Hype is a strange machine in the music world. It draws quick lines in the dirt amongst critics and listeners alike often at the expense of the music and the artist. After all, hype is the fault of everyone but the artist and yet, they must bear the brunt of it. If we follow the hyperbole surrounding 17-year old, rail-thin English ginger King Krule (née Archy Marshall), he’s apparently threatening to overtake melancholic UK pop well before he's old enough to have a proper stateside pint. Unless they're churning out super-produced pop music with a last name of Bieber, not much should be expected of an artist in their late teens. And yet, the machine has run its course and Marshall already finds himself up against an unfair amount of expectation.
If this the excitement surrounding Krule proves to be true, this brief five-track self-titled EP coming in under 13 minutes, doesn't crown the self-proclaimed royal anything of note quite yet. Instead, we have an airy, understated collage that acts more as a stopgap teaser to keep the spotlight on the young lad from London, before something more cohesive and fully-realized can be recorded.
The most revealing song here in regards to Marshall’s budding talent comes from the excellent closer, "The Noose of Jah City," a dreamy, modern-life lament of a young, helpless patsy who is "always to blame." Backed by a simple 808-drumbeat under a languid low-end keyboard and plucks of a guitar, the music cautiously builds a shadowy, overcast atmosphere. The music is mostly there to serve Marshall's surprisingly low voice and his warm but indifferent delivery that weaves in and out of the opaque fog of moody sounds for a tastefully emotive anti-ballad. On "Bleak Bake" a similar formula unravels with briefer glimpses of genius drenched in reverb and snippets of sampled strings. Marshall arrives with a cough (and likely an unheard sheepish shrug) before distantly painting us a vague, watery song ending in tears and "blood on the bed."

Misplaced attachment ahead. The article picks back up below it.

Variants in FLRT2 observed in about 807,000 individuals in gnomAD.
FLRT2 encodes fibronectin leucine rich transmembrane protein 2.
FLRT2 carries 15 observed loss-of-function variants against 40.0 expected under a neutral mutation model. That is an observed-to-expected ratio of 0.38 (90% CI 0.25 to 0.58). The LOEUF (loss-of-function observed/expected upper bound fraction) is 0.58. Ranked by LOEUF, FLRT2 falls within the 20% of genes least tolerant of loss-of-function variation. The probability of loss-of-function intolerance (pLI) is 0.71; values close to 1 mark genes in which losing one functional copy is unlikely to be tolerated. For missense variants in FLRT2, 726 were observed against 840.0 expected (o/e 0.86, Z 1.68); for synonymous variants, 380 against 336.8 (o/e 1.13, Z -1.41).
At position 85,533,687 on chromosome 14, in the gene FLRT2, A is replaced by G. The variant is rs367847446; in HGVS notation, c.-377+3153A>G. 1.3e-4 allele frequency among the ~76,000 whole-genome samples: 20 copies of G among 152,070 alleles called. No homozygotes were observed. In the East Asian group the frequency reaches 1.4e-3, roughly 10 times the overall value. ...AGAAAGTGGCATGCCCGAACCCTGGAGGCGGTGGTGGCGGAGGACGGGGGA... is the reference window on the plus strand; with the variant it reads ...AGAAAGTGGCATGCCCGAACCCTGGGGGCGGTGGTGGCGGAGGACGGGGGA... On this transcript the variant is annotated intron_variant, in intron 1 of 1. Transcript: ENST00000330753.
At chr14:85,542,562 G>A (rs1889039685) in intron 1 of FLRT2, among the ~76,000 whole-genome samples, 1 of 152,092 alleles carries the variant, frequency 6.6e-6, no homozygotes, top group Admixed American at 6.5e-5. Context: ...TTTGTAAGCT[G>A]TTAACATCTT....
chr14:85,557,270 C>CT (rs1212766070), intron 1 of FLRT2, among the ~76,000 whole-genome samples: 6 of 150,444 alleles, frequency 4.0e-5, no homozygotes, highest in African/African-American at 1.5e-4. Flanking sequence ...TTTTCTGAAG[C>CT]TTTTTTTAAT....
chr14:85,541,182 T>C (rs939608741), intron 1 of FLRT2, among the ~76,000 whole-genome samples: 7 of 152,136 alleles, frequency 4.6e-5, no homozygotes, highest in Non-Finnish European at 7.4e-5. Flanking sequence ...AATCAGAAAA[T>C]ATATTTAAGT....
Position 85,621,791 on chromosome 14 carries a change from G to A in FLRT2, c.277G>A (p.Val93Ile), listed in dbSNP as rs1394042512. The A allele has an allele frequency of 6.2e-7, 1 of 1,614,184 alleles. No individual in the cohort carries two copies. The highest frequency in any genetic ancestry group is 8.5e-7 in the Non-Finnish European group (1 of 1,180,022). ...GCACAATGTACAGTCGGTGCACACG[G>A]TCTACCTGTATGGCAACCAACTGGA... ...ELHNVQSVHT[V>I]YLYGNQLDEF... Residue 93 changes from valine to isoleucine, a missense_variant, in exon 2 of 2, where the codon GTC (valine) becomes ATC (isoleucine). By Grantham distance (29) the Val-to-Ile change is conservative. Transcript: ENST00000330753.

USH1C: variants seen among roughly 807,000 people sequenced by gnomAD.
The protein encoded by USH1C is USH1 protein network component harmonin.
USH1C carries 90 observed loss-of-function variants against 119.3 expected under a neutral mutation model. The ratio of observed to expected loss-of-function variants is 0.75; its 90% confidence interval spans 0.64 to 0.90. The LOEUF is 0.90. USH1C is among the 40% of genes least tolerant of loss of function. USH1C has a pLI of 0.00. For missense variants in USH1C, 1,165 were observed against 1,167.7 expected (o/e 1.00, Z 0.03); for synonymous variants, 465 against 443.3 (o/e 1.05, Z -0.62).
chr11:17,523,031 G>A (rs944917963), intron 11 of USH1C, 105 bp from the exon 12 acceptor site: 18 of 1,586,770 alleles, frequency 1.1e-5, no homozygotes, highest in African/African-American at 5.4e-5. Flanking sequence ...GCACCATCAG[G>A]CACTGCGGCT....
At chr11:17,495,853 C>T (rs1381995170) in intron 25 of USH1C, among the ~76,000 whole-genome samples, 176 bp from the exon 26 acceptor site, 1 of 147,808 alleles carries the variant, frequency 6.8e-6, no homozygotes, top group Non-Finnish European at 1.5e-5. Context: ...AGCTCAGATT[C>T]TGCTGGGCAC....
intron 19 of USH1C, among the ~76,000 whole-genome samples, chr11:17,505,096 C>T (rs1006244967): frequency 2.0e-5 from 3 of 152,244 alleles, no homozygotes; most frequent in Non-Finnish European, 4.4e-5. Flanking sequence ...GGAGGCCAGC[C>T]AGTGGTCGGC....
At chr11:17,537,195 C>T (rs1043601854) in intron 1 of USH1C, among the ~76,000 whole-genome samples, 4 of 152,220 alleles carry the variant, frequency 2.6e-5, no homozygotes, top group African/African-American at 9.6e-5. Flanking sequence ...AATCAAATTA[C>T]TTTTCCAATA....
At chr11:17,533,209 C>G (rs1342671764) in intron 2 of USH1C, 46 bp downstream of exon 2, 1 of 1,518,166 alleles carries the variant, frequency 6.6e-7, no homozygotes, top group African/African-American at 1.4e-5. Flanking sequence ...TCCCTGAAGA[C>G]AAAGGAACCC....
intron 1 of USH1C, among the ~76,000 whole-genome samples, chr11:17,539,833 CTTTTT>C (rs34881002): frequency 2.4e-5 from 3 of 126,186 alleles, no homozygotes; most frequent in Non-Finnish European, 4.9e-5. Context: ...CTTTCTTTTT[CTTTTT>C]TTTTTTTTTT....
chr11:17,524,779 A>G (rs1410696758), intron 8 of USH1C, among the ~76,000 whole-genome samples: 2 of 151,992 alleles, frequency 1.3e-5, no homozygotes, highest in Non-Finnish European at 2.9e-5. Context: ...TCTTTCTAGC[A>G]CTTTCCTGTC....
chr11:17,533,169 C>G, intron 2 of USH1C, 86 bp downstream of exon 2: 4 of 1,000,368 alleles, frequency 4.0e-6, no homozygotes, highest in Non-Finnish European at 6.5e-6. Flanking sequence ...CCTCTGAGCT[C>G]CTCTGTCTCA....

"Portrait in Black and Blue" finds Mr. Krule waking up from behind the slanted shadows of the hazy musical collage with drums and a jangling, though restrained, guitar. Here Marshall’s heavy, working-class London brogue coalesces well with the more traditional setup. While "Lead Existence" is its playful sibling, chalking in just over a minute, Marshall noshes through his words on lost ambition and dreary routine before an all too abrupt end.
Whether intentional or not, Marshall’s voice channels past English-born lamenting lads like Ian Dury and Dan Treacy of Television Personalities with its simplistic, almost talk-like approach that lacks range but works with what it’s got. Amidst the ambient gauze of the music that seems to sometimes nod towards a more urban, dubby Durutti Column, the result can be fixating. How much it can sustain through an entire full-length release remains to be seen. This offer only prolongs that debate.
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